Assistive Technology students create inventions
Contact: Sandra Faires, Intern 381-2741
Posted: 10/11/2006
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Students in an assistive technology course this summer at The University of Texas-Pan American, had the opportunity to create some innovative items to assist individuals with disabilities while at work, home and in the community.

Students were required to develop inventions as part of a group project in the course under the leadership of Dr. Charlene Blankenship, assistant professor, Department of Rehabilitative Services, who began teaching the course in summer 2005.

Mariana Garza, Gabriela Sauceda, Fatima Yee and Marissa Flores, all UTPA students, display the "Go Along Buddy" apron, which they donated to a family with disabled children as part of their assistive technology class project.
"The students exceeded my expectations. Given that the course is taught only during the summer semesters, there is a short turnaround for students to do the research in order to make sure their ideas do not already exist. They had to create a prototype or a schematic drawing of the invention and prepare a presentation of their inventions," she said.

Some of the ideas for the inventions came from what was taught in the class about services currently available to people with disabilities and how they might be improved. Other ideas came from awareness of challenges faced by a specific individual with a disability that a person in the group knew.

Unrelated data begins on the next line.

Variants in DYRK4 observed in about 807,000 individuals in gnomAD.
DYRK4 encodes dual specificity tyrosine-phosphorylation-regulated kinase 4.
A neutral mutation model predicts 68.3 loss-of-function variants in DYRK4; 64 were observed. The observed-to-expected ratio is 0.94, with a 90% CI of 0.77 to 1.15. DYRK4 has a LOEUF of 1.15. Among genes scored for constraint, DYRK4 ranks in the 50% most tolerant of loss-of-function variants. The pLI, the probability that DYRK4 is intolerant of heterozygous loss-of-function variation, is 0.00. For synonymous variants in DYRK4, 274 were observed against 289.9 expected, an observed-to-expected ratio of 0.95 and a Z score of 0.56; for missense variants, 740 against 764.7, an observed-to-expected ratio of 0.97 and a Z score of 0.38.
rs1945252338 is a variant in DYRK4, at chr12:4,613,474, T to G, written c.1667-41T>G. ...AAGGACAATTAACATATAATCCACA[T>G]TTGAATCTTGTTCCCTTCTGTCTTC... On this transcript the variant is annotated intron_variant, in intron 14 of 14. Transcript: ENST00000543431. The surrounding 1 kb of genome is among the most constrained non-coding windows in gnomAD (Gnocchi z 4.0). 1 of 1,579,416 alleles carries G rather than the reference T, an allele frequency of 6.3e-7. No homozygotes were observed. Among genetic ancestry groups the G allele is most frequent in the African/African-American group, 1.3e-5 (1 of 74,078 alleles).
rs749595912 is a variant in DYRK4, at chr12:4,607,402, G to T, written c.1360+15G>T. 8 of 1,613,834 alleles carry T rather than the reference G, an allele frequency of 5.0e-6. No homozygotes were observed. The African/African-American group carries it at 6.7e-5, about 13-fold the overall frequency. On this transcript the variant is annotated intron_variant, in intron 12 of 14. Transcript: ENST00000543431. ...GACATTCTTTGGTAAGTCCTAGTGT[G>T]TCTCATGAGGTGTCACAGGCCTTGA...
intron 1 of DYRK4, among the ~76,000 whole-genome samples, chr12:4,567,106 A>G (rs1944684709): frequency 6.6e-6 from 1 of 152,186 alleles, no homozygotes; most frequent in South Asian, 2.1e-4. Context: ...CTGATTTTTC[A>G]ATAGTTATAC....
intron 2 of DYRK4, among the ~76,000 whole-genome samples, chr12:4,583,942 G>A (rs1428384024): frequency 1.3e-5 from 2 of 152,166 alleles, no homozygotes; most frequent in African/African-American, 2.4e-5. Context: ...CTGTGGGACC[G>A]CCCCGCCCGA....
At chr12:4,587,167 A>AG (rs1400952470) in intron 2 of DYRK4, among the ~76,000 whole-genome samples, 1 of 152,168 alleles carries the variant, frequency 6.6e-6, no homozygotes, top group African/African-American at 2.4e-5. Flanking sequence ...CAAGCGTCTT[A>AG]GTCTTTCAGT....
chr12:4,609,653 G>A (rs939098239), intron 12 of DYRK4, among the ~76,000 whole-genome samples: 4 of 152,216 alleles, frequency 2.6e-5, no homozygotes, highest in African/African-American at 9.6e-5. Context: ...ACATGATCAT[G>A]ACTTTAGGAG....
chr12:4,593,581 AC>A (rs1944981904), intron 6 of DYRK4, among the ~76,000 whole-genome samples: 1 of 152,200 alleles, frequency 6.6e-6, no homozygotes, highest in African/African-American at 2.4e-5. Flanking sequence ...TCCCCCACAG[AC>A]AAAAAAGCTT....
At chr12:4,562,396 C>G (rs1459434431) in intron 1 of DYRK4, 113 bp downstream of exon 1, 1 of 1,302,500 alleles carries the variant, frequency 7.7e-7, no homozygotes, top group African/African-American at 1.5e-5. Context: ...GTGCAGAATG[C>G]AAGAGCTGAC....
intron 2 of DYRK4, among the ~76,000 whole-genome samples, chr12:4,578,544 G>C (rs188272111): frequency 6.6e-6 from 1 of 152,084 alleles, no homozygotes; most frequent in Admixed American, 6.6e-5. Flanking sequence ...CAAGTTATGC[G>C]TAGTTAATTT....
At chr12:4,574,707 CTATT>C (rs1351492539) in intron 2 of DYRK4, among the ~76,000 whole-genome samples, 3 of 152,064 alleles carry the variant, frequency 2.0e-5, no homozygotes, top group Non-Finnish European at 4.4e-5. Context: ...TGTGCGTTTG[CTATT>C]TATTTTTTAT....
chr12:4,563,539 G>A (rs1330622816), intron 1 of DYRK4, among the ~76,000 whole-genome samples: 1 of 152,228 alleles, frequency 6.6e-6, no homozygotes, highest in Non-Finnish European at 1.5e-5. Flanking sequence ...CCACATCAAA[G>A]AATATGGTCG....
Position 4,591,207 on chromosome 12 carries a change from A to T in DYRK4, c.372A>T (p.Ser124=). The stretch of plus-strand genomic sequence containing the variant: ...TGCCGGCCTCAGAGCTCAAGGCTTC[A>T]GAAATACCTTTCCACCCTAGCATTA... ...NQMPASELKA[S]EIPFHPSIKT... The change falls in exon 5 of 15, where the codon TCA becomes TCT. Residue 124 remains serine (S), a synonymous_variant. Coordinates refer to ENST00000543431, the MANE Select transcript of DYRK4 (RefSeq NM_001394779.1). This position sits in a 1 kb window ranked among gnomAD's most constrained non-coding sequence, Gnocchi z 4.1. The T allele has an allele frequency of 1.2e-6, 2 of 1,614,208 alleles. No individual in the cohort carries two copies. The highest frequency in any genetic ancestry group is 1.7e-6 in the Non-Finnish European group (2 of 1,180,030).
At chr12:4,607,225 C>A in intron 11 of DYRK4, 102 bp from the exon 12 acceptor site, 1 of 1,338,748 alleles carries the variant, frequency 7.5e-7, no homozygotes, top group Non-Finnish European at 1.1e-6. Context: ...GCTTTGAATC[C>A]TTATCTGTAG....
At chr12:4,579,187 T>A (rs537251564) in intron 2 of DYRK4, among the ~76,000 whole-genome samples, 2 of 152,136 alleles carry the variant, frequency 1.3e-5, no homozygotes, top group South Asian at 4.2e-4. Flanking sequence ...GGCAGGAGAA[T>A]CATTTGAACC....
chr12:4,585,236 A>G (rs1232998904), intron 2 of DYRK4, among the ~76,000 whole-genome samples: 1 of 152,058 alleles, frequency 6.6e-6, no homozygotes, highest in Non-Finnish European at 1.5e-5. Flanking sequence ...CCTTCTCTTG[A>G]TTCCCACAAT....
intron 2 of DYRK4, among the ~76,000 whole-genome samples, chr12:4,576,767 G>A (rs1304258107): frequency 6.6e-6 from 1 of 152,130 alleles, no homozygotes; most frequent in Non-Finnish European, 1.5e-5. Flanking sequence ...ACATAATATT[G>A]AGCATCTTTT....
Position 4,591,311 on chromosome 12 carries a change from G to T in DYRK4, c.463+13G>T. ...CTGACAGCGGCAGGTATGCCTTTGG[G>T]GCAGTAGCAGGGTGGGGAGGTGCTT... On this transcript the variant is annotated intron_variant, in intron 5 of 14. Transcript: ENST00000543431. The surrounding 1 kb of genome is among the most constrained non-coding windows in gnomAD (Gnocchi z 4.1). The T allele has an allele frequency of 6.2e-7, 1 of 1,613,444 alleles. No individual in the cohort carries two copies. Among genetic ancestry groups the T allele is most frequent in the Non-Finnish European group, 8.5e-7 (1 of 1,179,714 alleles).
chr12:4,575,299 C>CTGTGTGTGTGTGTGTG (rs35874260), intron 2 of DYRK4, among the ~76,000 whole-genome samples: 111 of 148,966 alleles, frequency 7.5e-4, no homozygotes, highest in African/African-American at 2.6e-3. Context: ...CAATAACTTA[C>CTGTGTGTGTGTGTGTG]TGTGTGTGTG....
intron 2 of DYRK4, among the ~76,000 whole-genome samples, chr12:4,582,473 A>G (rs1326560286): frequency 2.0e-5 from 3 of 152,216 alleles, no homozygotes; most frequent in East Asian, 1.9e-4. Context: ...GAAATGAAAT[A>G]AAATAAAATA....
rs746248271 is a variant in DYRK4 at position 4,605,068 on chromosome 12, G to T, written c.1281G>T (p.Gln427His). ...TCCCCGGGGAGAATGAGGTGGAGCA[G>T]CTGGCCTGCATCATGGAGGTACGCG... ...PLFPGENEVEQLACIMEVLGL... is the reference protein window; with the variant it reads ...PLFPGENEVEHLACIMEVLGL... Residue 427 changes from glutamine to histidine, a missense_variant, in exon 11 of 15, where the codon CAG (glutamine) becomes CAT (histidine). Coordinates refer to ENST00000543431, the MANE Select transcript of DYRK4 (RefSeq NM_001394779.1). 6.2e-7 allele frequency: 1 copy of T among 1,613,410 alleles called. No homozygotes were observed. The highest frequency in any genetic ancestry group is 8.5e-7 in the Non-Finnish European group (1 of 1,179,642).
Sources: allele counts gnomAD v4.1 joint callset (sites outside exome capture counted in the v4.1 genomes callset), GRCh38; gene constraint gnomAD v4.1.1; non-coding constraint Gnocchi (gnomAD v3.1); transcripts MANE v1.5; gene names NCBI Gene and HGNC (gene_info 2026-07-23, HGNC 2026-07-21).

One group created what they called a "Go Along Buddy," an apron with numerous pockets and interchangeable parts.

"The Go Along Buddy is versatile," said Marissa Flores, a senior rehabilitative services major. "The apron can be used by children or adults with various disabilities. A child can use the apron with interchangeable toys that can be attached. Adults can use it to carry gadgets, keys, medication or anything else they may need."

Flores said the idea of the apron was based on input from a mother of several adopted children with different disabilities.

"Based on everyday experiences, the mother felt that she needed to help her children focus and avoid wondering off in public places. Her experience was the inspiration to create our invention," said Flores, who along with her group, donated the apron to the woman and her family.

Another group in the course created what they called the "Teletubby Remote," a large remote control made in bright colors that enables the user to press its buttons using a fist rather than using fingers.

"We came up with the idea of this device because we noticed that as technology progresses, remote controls are getting smaller, making it more difficult for people with certain disabilities to use," said Monica Macias, a senior rehabilitative services major.

Another device created by students was described as helping disabled individuals be more independent while they travel and was taken to the Center for Entrepreneurship and Economic Development at UTPA to investigate the possibility of getting their idea patented.

Blankenship said she plans to continue requiring students to "invent" assistive devices in the future.

"It gives them an opportunity to closely examine what specific task a person with a disability may need assistance in completing, and it puts the student in the position to be creative in figuring out how to eliminate natural barriers to completion of tasks," she said.

For more information about the inventions or the course, contact Blankenship at 956/318-5244 or at